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Will the G8 deliver according to its broken promises?

Kumi Naidoo
CIVICUS Secretary-General

CIVICUS

6 June 2007

SARPN acknowledges CIVICUS as the source of this document: www.civiscus.org
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As I head to the Baltic coast of Germany to prepare for the outcomes of another G8 Summit there is an ominous air to the news I am hearing from my colleagues on the ground there. It would seem that despite the outstanding mass mobilisation of people in Germany and London , where I was, last Saturday, the handover of a petition containing over a million voices to Angela Merkel and Tony Blair in Berlin on Sunday, their call is in danger of falling on deaf ears, again.

Chancellor Angela Merkel has importantly set the Heiligendamm Summit agenda to include a session focused entirely on Africa covering issues like HIV/AIDS, Health Systems, Infrastructure, Climate Change as well as inward investment in Africa . This offers a precious opportunity to address some of the root causes of poverty and voice the concerns of millions of people worldwide who have been part of the growing campaign for poverty eradication since 2005, but is it going to deliver? Will relentless advocacy of GCAP members in national and international coalitions around the world be taken on board?

The GCAP G8 working group, comprising over 120 representatives led by Kel Currah of World Vision, has been working all year to develop common lobbying positions for this meeting. Their specific focus is on getting some meaningful change in four main areas: aid, HIV/AIDS, health & education as well as climate change. They will issue a strong response to the outcome in Germany on Friday afternoon and in parallel GCAP coalitions in Africa and Asia will respond with the issues most relevant to their realities, once more showing the wide reach of the successful GCAP mobilisation.

The group is pushing for the fulfilment of the aid promises we all remember being made in Gleneagles, Scotland, namely to increase overseas development aid (ODA) by an extra $50 billion by 2010. It saddens me to see how despite these promises recent ODA figures show that, in fact, aid by rich countries is falling - by no less than 5% last year. At the 2005 G8 summit in Gleneagles, it was agreed that 0.7% of national income would be made available in effective aid. The heads of state should now be bound to timetables for delivery of this aid, ensure it is not shackled by delivery conditions and show leadership in the donor community. What we see instead is a blow in the face of the poor. The leadership we have seen is not in boosting results, but in boasting figures: re-labelling military expenditures as ODA does not make for more money to the poor but rather less.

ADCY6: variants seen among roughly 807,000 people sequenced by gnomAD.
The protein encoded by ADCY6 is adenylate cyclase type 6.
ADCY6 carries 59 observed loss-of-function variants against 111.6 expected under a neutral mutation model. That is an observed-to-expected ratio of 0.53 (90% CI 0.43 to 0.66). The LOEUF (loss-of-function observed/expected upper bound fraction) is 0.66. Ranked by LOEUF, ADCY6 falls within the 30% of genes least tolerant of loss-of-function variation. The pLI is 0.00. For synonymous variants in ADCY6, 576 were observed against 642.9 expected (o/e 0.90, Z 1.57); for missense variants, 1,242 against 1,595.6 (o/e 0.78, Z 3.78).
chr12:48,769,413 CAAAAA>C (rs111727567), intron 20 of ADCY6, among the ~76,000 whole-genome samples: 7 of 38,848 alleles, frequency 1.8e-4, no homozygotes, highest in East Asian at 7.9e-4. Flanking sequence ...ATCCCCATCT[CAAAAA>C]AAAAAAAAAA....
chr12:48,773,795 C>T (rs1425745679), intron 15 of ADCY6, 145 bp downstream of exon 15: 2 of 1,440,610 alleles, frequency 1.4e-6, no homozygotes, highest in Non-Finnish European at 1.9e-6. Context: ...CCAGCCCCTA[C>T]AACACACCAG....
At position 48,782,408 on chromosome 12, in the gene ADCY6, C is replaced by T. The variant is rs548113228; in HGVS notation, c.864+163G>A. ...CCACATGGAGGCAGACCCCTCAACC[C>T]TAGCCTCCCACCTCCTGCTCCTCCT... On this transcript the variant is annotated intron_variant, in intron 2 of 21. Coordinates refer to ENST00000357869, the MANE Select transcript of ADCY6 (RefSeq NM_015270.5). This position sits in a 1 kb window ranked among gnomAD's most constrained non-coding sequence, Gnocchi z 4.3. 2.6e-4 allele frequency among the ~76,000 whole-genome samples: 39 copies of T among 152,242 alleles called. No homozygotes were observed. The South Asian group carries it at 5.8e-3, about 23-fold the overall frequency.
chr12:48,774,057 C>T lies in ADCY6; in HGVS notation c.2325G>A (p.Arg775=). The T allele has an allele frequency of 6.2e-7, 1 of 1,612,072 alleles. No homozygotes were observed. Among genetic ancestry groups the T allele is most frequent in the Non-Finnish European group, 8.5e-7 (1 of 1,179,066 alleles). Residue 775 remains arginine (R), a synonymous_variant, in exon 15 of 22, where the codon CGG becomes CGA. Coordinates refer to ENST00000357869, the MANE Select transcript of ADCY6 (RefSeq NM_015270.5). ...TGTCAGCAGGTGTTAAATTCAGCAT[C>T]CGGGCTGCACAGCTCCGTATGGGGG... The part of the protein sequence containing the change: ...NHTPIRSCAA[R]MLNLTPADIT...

What looks like a polemic issue already is the promise to achieve universal access to prevention, treatment and care for all people with HIV and AIDS. Two years on, progress is unacceptably slow. Although a growing number of countries, including Mozambique , Sierra Leone and Lesotho , have produced detailed national plans for achieving the 2010 target, the donor funding response is inadequate. To achieve the 2010 target, the G8 must commit to a comprehensive funding plan that includes resources for the Global Fund to fight Aids, Tuberculosis and Malaria. Additionally, the G8 needs to support measures (including greater trade flexibilities) to promote the production and distribution of generic medicines.

On ensuring a comprehensive response to HIV and AIDS, the search for better tools for health promotion, prevention, access to testing, diagnosis and treatment must be fully financed; these objectives should be pursued in the context of a wider effort to support the development of better health services. The G8 should support the recruitment and retention of an extra 4.25 million health workers and free healthcare in developing countries. It is estimated that $21billion is needed for this. Still, this is not a luxury, it is a necessity as I see in my country South Africa where aids I the biggest killer of people leaving behind a trail of orphaned children.

Another critical element to call it a positive outcome from this summit is a real declaration of commitment to address climate change. Poor people and poor countries are often the first and worst affected by climate change, while having done least to bring it about. The G8 should reach collective commitment to reduce their own carbon emissions by 80% from their 1990 levels by 2050. Binding agreements must be made to keep global warming at less than 2 degrees. A failure to do so will cause floods to be more frequent, like those in Mozambique , and worse, the disappearance of countries.

While the images we see from Germany may be scenes clashes with the police, the overwhelming form of protest has been peaceful and good natured. In the UK , I can say that the spirit and energy I witnessed on the banks of the Thames last Saturdays as we boated down from Westminster supported by 5000 people, was wholly indicative of the power civil society has to hold their governments to account. And holding our governments, holding the G8 to account is our promise. A promise we will keep.

The next time Germany could find itself with the prestigious role of hosting a G8 Summit would be 2015. It would be a disgrace if they found themselves hosting the meeting at which leaders had to admit they had failed to reach the UN Millennium Development Goals. If the most recent alarming reports on the rising of the sea levels prove to be true, we can be sure of one thing: the meeting will not be at the same location in Heiligendamm because it will then be underwater.

I will report back from Germany on whether Chancellor Merkel has managed to wield her influence as host to avert this scenario or not.



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